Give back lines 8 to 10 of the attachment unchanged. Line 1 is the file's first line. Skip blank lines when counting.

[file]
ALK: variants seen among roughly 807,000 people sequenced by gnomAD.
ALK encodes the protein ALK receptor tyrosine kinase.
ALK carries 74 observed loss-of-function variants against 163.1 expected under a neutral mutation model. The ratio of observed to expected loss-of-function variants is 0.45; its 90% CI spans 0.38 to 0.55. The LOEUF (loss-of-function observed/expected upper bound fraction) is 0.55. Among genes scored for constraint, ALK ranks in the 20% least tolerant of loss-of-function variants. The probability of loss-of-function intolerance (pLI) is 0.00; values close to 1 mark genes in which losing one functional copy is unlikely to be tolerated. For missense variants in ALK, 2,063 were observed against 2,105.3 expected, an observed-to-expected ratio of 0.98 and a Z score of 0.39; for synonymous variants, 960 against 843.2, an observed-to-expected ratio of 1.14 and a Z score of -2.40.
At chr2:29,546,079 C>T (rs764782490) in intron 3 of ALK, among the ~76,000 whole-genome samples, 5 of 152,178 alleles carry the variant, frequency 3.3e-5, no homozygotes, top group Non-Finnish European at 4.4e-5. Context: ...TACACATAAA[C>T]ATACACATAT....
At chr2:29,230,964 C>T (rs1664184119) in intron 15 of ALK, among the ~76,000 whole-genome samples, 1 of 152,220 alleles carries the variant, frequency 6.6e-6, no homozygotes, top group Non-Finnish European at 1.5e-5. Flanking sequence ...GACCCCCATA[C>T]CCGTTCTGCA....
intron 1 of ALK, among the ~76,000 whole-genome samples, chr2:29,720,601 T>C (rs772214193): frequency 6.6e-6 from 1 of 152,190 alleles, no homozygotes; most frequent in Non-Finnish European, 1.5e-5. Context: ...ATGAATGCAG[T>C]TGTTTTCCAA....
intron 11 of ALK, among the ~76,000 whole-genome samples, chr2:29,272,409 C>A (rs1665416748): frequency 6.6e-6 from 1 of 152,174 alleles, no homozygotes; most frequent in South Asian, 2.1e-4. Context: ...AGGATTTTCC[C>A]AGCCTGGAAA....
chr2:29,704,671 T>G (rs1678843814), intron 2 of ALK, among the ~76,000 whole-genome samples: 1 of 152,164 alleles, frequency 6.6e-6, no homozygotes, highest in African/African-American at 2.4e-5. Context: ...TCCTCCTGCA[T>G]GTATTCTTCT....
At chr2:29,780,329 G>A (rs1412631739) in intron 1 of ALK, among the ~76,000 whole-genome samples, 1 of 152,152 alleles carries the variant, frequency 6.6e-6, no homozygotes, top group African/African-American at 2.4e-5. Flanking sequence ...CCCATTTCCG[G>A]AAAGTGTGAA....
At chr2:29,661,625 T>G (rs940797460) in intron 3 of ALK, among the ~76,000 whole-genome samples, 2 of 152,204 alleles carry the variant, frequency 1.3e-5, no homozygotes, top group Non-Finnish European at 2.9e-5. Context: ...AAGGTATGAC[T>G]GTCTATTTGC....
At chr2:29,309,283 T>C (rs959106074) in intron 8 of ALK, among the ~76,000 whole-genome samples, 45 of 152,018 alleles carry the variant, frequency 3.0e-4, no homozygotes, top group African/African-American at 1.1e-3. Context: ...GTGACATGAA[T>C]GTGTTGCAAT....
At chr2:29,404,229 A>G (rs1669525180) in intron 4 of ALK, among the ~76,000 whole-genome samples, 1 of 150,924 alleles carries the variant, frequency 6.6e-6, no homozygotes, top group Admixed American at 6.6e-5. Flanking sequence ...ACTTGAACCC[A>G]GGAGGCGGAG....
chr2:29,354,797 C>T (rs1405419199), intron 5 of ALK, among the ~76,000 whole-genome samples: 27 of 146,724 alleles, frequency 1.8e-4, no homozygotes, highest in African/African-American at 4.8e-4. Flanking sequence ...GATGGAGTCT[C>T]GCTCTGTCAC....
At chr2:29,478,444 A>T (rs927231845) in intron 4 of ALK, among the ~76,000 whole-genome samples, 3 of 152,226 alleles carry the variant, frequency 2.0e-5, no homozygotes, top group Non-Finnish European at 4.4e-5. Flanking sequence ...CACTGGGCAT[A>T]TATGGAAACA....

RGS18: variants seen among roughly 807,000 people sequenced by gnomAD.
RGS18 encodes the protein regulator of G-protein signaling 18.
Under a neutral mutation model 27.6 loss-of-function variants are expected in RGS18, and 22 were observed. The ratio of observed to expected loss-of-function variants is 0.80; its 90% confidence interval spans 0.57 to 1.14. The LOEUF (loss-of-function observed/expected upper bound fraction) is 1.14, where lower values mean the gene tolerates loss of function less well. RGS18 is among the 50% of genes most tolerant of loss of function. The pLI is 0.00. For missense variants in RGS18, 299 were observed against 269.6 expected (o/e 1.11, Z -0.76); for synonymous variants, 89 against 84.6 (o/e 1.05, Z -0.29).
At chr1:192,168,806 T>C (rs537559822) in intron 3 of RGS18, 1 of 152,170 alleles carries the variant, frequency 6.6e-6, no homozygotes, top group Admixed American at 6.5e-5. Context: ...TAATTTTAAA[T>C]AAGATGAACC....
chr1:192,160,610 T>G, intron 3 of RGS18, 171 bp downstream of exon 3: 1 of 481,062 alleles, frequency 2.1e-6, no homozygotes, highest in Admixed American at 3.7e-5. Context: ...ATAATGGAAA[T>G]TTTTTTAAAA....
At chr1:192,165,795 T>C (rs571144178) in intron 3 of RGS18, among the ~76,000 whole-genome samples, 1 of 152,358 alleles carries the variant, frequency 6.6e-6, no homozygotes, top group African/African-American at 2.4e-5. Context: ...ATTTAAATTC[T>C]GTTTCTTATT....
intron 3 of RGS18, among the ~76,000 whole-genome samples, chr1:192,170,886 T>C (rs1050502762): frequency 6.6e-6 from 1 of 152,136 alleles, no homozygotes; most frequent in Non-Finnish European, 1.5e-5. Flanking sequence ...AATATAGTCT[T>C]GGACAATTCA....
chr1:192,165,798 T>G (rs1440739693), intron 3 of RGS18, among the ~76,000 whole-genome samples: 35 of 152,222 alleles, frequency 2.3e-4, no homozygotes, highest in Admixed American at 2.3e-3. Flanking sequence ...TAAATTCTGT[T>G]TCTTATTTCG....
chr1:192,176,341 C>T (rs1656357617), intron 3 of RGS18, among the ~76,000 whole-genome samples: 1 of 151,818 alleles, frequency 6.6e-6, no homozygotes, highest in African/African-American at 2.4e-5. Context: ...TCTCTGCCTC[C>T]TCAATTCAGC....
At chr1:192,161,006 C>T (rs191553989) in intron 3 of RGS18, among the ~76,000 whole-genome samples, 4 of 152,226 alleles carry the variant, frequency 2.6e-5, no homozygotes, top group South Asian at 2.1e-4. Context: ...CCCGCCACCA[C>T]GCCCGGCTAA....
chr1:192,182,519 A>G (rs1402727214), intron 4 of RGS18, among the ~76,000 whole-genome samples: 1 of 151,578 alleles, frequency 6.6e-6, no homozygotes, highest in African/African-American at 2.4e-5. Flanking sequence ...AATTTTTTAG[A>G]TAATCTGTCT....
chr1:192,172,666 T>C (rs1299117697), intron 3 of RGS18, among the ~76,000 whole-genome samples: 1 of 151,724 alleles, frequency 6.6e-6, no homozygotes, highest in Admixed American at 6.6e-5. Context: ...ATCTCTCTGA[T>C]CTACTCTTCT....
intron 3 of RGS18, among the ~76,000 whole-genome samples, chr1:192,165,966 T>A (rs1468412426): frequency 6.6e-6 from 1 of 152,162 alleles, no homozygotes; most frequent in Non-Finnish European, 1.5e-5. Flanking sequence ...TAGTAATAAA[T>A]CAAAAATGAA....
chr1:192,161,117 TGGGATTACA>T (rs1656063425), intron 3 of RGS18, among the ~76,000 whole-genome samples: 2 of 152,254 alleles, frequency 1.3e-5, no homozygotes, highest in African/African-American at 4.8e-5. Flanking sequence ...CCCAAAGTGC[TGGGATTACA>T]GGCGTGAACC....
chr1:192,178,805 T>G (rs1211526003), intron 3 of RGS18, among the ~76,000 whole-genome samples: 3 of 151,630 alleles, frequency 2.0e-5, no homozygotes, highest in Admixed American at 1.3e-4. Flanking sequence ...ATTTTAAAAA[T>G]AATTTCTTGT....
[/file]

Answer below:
chr2:29,704,671 T>G (rs1678843814), intron 2 of ALK, among the ~76,000 whole-genome samples: 1 of 152,164 alleles, frequency 6.6e-6, no homozygotes, highest in African/African-American at 2.4e-5. Context: ...TCCTCCTGCA[T>G]GTATTCTTCT....
At chr2:29,780,329 G>A (rs1412631739) in intron 1 of ALK, among the ~76,000 whole-genome samples, 1 of 152,152 alleles carries the variant, frequency 6.6e-6, no homozygotes, top group African/African-American at 2.4e-5. Flanking sequence ...CCCATTTCCG[G>A]AAAGTGTGAA....
At chr2:29,661,625 T>G (rs940797460) in intron 3 of ALK, among the ~76,000 whole-genome samples, 2 of 152,204 alleles carry the variant, frequency 1.3e-5, no homozygotes, top group Non-Finnish European at 2.9e-5. Context: ...AAGGTATGAC[T>G]GTCTATTTGC....